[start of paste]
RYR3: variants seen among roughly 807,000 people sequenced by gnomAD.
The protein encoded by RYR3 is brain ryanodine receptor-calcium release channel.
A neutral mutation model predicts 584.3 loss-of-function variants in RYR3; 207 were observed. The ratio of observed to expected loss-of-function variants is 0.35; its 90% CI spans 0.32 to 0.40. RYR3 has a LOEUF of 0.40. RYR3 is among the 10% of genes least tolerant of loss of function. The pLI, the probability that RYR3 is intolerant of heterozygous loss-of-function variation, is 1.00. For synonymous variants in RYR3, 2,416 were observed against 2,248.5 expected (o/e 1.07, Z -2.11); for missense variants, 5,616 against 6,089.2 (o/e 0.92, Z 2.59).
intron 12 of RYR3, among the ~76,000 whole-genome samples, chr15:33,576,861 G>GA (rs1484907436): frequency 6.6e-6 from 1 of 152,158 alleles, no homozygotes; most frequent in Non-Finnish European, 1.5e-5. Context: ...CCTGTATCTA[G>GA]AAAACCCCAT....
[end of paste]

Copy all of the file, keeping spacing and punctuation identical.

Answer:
RYR3: variants seen among roughly 807,000 people sequenced by gnomAD.
The protein encoded by RYR3 is brain ryanodine receptor-calcium release channel.
A neutral mutation model predicts 584.3 loss-of-function variants in RYR3; 207 were observed. The ratio of observed to expected loss-of-function variants is 0.35; its 90% CI spans 0.32 to 0.40. RYR3 has a LOEUF of 0.40. RYR3 is among the 10% of genes least tolerant of loss of function. The pLI, the probability that RYR3 is intolerant of heterozygous loss-of-function variation, is 1.00. For synonymous variants in RYR3, 2,416 were observed against 2,248.5 expected (o/e 1.07, Z -2.11); for missense variants, 5,616 against 6,089.2 (o/e 0.92, Z 2.59).
intron 12 of RYR3, among the ~76,000 whole-genome samples, chr15:33,576,861 G>GA (rs1484907436): frequency 6.6e-6 from 1 of 152,158 alleles, no homozygotes; most frequent in Non-Finnish European, 1.5e-5. Context: ...CCTGTATCTA[G>GA]AAAACCCCAT....